Last week, final winners were announced in two journalism contests. The following Weeklyites took first-place AltWeekly Awards in a contest sponsored by the Association of Alternative Newsweeklies: Jeffrey Anderson for News Story, Short Form (a series of news pieces); Seven McDonald for Column (“24/Seven”); Jonathan Gold for Food Writing/Criticism; John Curry for Web Site Design; Kevin Scanlon for Photography (the People issue); J.T. Steiny for Cartoon (“Native’s Notebook”); and editors Gendy Alimurung and Linda Immediato, plus the Weekly staff, for Best Special Section (Best of L.A.). Second-place honors went to Dwayne Booth for Cartoon (“Mr. Fish”); Nikki Finke for Blog (“Deadline Hollywood Daily”), Daniel Hernandez for Media Reporting/Criticism (his piece on the L.A. Times’ Latino coverage); and Matthew Fleischer for Feature Story (“Navahoax”). And third-place awards were received by Christine Pelisek for News Story, Long Form (“Scourge of Skid Row”) and John Albert for Arts Feature (“Death, Drugs, Rap and Redemption”).
A day later, the Los Angeles Press Club gave out its Southern California Journalism Awards. Coming in for first-place honors were John Curry for Designer of the Year, Nikki Finke for Entertainment Journalist of the Year, Jonathan Gold for Entertainment/Criticism/Column (“Counter Intelligence”), the staff of the Weekly for Special Section (“Who We Are: People 2006”) and Libby Molyneaux for Headline Writing (“What Would Jesus Do This Week?”). The Weekly swept the last category, with Steven Mikulan taking both second place and honorable mention (“Rage Against the Sex Machine” and “Tête Offensive”). Also nabbing second-place honors were Christine Pelisek for Print Journalist of the Year, Kate Sullivan for Entertainment/Criticism/Column (“Rock & Roll Love Letter”), Daniel Hernandez for Hard News, and Paul Cullum for Entertainment Feature (“Death Race 2000”). Honorable mentions went to Steven Kotler for a piece about Heidi Fleiss, Josh Kun for his investigation into the mayor of Tijuana, and Nikki Finke for Entertainment Hard News.
Smarting Over Growth
Thanks for publishing David Zahniser’s critique of smart growth [“What’s Smart About Smart Growth?,” June 1–7]. We indeed need to understand how this promising paradigm is being used and misused. The article focused on how mobility may be the “Achilles’ heel” of density.
But the biggest flaw in how smart growth has been implemented is in the failure to conserve open space at the urban fringe. “Leapfrog” development is still dominant in most places, and vast amounts of farm and habitat land are being consumed in the “dumbest” way possible — large estate lots and ranchettes. Local land-use plans foster this pattern of growth, and planning tools like transfer of development rights remain unused. Thus, developers and local government have cherry picked the smart-growth paradigm to densify where the market will support it, and to continue to sprawl at the very same time.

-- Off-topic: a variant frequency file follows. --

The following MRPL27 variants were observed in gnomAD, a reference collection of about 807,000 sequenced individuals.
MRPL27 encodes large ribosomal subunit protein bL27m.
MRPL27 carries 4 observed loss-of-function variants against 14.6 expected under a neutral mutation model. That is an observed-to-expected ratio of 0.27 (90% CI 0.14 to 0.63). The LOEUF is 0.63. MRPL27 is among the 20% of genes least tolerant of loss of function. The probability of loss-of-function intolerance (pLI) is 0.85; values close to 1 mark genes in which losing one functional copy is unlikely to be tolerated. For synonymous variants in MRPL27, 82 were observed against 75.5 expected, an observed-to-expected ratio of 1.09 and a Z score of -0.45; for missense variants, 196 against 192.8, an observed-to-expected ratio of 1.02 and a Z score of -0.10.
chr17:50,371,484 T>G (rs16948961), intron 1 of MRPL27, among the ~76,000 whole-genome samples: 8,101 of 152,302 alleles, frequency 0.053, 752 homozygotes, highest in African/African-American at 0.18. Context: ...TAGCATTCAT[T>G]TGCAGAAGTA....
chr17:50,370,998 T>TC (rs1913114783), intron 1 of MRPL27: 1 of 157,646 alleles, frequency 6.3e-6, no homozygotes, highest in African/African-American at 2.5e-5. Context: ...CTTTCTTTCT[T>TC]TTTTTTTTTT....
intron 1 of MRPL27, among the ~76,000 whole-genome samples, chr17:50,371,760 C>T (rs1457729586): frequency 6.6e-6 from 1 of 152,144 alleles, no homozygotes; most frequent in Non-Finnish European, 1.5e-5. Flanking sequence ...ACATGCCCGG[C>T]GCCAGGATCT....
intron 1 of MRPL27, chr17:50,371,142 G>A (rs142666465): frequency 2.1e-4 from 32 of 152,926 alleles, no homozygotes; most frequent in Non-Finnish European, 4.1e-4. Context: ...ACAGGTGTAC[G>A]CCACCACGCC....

One of the most amazing things to me as I read David Zahniser’s story (and frankly any time I hear about “un-dense Los Angeles”) was the false premise that underlies the entire argument about the need for “densifying smart growth” in Los Angeles: that the city is not already very densely populated. Just a cursory look at the numbers reveals the truth: With a population of about 4 million, and total city square mileage of 475, you get a per-square-mileage density number of just under 10,000. That’s pretty dense as it is, but also very misleading — about 100 square miles of L.A. proper contain the rugged Santa Monica Mountains range, which bisects the city and the Valley. Deduct that and you’re at 375 square miles, divided roughly equally by the L.A. basin side of the city and the Valley. The basin side holds about 2.8 million people, so now you’re looking at a density number of around 15,000 per square mile — very, very high density (close to that of tiny, packed San Francisco). Lack of density is not the problem when it comes to our commuting/transportation woes. It’s much more likely to be the disastrously incompetent zoning and transportation planning over many decades that favored the car and developers, and which clearly continues to this day.
I personally like urban density and have nothing against it, but let’s start with reality and plan from there. When something is so obviously being misrepresented, you have to wonder: Are the people putting forth the “we need more density to solve our transportation problems” argument cynical liars? Or just ignorant? I’m not entirely sure which scenario is worse…